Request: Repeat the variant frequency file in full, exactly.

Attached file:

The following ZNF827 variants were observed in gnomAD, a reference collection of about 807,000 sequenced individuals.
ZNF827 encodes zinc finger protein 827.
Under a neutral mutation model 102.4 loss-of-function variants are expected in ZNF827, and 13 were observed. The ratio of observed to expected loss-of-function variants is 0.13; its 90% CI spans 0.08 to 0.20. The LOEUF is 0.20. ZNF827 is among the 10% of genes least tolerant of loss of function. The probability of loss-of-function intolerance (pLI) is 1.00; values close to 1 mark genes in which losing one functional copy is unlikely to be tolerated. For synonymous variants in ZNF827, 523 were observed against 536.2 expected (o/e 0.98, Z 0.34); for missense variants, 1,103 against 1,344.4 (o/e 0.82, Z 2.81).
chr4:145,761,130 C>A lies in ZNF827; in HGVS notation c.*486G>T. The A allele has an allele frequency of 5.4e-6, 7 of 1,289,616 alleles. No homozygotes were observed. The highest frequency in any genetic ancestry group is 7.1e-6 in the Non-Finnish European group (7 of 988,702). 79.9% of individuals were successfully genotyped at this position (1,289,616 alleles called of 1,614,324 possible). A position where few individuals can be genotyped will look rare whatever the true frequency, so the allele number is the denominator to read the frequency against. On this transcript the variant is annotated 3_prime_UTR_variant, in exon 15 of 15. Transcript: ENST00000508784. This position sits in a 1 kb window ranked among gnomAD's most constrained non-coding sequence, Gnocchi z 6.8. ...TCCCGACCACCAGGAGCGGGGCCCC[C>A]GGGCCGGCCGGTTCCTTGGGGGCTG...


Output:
The following ZNF827 variants were observed in gnomAD, a reference collection of about 807,000 sequenced individuals.
ZNF827 encodes zinc finger protein 827.
Under a neutral mutation model 102.4 loss-of-function variants are expected in ZNF827, and 13 were observed. The ratio of observed to expected loss-of-function variants is 0.13; its 90% CI spans 0.08 to 0.20. The LOEUF is 0.20. ZNF827 is among the 10% of genes least tolerant of loss of function. The probability of loss-of-function intolerance (pLI) is 1.00; values close to 1 mark genes in which losing one functional copy is unlikely to be tolerated. For synonymous variants in ZNF827, 523 were observed against 536.2 expected (o/e 0.98, Z 0.34); for missense variants, 1,103 against 1,344.4 (o/e 0.82, Z 2.81).
chr4:145,761,130 C>A lies in ZNF827; in HGVS notation c.*486G>T. The A allele has an allele frequency of 5.4e-6, 7 of 1,289,616 alleles. No homozygotes were observed. The highest frequency in any genetic ancestry group is 7.1e-6 in the Non-Finnish European group (7 of 988,702). 79.9% of individuals were successfully genotyped at this position (1,289,616 alleles called of 1,614,324 possible). A position where few individuals can be genotyped will look rare whatever the true frequency, so the allele number is the denominator to read the frequency against. On this transcript the variant is annotated 3_prime_UTR_variant, in exon 15 of 15. Transcript: ENST00000508784. This position sits in a 1 kb window ranked among gnomAD's most constrained non-coding sequence, Gnocchi z 6.8. ...TCCCGACCACCAGGAGCGGGGCCCC[C>A]GGGCCGGCCGGTTCCTTGGGGGCTG...